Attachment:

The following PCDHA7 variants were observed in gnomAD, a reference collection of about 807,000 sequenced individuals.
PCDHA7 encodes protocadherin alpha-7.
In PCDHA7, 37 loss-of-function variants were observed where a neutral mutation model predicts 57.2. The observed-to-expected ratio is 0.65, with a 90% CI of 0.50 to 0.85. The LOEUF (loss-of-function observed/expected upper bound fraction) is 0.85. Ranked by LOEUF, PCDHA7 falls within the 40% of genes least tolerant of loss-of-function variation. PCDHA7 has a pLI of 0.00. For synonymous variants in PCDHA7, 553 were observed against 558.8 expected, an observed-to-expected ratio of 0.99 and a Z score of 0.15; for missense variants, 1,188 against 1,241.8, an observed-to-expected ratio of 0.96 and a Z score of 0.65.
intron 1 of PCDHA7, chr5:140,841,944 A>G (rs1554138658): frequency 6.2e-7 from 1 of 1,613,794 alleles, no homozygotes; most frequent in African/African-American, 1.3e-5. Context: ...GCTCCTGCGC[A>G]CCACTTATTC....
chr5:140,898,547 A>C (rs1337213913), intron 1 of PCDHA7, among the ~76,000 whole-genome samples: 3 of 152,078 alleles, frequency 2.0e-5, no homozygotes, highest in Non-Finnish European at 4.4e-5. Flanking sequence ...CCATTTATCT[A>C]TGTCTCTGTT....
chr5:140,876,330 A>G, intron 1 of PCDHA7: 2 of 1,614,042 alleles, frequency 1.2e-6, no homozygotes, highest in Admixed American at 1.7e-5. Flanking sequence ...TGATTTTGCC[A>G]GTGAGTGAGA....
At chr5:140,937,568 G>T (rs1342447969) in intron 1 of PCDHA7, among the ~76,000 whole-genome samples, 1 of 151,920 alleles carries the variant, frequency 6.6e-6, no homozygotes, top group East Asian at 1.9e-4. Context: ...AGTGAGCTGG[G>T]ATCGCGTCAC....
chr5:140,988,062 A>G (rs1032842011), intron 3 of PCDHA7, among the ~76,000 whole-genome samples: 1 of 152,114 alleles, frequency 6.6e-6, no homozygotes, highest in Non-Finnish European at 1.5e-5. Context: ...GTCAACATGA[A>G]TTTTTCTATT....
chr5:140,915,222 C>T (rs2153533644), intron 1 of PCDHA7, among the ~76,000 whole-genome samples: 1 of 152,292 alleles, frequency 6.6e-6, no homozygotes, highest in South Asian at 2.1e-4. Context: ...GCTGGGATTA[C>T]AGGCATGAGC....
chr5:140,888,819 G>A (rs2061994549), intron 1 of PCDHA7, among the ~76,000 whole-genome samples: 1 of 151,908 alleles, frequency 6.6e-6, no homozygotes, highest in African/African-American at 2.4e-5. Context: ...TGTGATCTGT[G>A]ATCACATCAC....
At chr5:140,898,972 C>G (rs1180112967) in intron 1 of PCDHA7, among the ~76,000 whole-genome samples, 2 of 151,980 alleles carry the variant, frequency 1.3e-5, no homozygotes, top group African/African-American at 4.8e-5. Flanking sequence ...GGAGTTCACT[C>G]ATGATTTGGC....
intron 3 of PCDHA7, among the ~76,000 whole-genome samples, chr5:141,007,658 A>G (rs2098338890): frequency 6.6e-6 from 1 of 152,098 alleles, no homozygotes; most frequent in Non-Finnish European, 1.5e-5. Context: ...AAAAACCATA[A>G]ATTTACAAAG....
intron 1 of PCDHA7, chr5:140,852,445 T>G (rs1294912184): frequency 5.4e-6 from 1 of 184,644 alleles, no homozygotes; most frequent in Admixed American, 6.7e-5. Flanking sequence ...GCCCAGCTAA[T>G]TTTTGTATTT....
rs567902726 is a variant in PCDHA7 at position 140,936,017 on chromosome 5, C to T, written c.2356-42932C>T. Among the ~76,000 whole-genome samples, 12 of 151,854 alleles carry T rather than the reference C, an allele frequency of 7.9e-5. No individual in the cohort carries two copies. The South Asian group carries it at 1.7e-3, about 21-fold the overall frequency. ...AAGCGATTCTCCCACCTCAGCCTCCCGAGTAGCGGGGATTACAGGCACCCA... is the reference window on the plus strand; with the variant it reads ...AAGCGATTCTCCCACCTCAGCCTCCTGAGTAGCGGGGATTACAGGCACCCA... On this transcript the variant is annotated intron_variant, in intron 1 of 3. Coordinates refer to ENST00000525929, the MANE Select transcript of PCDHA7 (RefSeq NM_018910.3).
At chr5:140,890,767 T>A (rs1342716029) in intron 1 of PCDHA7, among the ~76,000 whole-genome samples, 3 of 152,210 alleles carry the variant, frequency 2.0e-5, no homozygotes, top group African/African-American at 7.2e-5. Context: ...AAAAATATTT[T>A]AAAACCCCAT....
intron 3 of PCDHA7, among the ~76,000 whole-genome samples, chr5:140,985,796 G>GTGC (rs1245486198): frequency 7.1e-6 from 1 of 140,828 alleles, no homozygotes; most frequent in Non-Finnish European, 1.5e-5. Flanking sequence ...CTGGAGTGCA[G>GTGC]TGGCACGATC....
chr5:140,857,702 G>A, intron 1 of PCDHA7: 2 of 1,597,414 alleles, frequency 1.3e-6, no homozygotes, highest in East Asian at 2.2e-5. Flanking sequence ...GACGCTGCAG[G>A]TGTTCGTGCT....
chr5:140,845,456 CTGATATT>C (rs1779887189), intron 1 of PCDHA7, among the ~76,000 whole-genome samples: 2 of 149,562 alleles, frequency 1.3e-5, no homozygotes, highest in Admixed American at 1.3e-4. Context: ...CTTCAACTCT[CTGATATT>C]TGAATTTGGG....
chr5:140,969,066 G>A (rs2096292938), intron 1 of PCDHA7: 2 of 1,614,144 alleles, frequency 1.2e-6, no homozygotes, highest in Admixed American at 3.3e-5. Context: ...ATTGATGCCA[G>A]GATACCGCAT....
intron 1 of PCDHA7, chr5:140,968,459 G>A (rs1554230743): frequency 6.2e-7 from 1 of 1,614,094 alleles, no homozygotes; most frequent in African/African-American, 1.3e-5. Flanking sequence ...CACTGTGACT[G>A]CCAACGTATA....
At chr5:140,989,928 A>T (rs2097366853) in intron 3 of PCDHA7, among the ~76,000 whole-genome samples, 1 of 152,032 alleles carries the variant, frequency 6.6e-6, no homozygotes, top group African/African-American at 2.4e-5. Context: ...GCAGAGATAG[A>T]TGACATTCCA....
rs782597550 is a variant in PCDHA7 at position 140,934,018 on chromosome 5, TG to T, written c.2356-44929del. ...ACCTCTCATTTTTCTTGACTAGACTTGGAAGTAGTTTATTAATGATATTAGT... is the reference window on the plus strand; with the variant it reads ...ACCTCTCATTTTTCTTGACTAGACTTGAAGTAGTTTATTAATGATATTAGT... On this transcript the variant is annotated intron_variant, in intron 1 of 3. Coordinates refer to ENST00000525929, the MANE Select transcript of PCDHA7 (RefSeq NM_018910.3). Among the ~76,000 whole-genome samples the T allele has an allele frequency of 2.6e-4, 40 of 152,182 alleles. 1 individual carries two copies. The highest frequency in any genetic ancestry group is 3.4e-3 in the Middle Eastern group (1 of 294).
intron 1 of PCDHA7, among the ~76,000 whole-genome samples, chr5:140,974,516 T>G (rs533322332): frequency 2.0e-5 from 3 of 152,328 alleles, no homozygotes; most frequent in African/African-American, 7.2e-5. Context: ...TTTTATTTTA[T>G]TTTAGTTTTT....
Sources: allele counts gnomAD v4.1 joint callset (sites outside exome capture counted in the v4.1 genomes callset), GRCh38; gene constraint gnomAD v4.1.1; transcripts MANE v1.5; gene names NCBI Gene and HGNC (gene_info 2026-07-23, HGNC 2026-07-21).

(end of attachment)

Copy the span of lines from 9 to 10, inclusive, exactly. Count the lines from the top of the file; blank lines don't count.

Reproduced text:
chr5:140,915,222 C>T (rs2153533644), intron 1 of PCDHA7, among the ~76,000 whole-genome samples: 1 of 152,292 alleles, frequency 6.6e-6, no homozygotes, highest in South Asian at 2.1e-4. Context: ...GCTGGGATTA[C>T]AGGCATGAGC....
chr5:140,888,819 G>A (rs2061994549), intron 1 of PCDHA7, among the ~76,000 whole-genome samples: 1 of 151,908 alleles, frequency 6.6e-6, no homozygotes, highest in African/African-American at 2.4e-5. Context: ...TGTGATCTGT[G>A]ATCACATCAC....